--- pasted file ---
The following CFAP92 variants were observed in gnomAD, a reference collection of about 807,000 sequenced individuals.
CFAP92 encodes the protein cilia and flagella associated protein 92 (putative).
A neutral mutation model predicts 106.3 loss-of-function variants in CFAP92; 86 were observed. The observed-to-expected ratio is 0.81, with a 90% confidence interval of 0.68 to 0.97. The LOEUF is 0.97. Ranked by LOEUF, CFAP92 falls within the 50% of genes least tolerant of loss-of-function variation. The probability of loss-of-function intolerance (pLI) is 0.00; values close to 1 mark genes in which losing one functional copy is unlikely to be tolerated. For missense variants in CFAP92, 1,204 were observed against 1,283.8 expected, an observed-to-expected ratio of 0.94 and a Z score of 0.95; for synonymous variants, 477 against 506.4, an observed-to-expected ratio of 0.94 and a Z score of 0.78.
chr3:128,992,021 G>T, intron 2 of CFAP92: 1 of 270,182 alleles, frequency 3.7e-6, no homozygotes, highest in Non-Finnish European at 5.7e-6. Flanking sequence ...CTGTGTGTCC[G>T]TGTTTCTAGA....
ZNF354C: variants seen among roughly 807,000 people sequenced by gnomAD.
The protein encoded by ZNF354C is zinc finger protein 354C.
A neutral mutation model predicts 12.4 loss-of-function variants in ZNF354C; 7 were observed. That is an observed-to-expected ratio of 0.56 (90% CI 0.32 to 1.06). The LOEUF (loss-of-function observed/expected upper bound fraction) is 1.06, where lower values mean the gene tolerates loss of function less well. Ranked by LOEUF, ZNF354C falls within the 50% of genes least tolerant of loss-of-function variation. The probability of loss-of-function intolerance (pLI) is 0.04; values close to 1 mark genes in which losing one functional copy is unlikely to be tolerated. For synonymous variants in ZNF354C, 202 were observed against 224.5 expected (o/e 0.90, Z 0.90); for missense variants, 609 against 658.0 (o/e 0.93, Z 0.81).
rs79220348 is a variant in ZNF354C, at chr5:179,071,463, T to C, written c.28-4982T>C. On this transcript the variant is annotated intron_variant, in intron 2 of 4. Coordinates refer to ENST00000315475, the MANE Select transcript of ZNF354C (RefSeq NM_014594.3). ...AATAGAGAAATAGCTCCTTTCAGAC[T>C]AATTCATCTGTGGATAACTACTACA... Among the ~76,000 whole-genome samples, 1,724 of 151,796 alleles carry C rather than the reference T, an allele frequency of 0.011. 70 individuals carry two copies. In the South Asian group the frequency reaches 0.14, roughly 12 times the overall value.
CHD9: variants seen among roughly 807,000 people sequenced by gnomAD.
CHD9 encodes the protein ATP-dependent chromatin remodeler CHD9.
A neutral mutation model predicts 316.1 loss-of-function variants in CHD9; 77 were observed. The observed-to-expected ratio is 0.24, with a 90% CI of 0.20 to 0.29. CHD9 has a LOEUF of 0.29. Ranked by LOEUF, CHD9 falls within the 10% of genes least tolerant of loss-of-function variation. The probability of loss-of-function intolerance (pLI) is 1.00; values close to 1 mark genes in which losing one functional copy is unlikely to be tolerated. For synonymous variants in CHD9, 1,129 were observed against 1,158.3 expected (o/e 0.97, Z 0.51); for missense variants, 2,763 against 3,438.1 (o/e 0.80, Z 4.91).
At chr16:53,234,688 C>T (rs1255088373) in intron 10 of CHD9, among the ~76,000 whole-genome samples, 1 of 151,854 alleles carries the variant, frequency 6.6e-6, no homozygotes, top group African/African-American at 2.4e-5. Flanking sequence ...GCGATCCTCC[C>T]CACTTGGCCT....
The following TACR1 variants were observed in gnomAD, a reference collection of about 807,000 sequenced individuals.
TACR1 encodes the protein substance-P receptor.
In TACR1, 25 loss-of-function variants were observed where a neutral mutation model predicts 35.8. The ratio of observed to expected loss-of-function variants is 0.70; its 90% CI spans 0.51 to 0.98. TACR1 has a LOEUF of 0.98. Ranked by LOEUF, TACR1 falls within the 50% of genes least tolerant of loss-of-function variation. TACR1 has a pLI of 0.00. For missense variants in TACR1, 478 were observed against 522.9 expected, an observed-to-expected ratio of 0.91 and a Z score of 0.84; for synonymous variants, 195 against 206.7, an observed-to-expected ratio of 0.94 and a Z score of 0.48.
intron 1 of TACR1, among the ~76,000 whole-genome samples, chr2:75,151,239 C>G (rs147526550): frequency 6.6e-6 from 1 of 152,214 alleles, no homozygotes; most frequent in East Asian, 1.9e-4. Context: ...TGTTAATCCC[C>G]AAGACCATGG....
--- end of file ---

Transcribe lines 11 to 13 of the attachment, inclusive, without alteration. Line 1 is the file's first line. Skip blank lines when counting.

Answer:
A neutral mutation model predicts 316.1 loss-of-function variants in CHD9; 77 were observed. The observed-to-expected ratio is 0.24, with a 90% CI of 0.20 to 0.29. CHD9 has a LOEUF of 0.29. Ranked by LOEUF, CHD9 falls within the 10% of genes least tolerant of loss-of-function variation. The probability of loss-of-function intolerance (pLI) is 1.00; values close to 1 mark genes in which losing one functional copy is unlikely to be tolerated. For synonymous variants in CHD9, 1,129 were observed against 1,158.3 expected (o/e 0.97, Z 0.51); for missense variants, 2,763 against 3,438.1 (o/e 0.80, Z 4.91).
At chr16:53,234,688 C>T (rs1255088373) in intron 10 of CHD9, among the ~76,000 whole-genome samples, 1 of 151,854 alleles carries the variant, frequency 6.6e-6, no homozygotes, top group African/African-American at 2.4e-5. Flanking sequence ...GCGATCCTCC[C>T]CACTTGGCCT....
The following TACR1 variants were observed in gnomAD, a reference collection of about 807,000 sequenced individuals.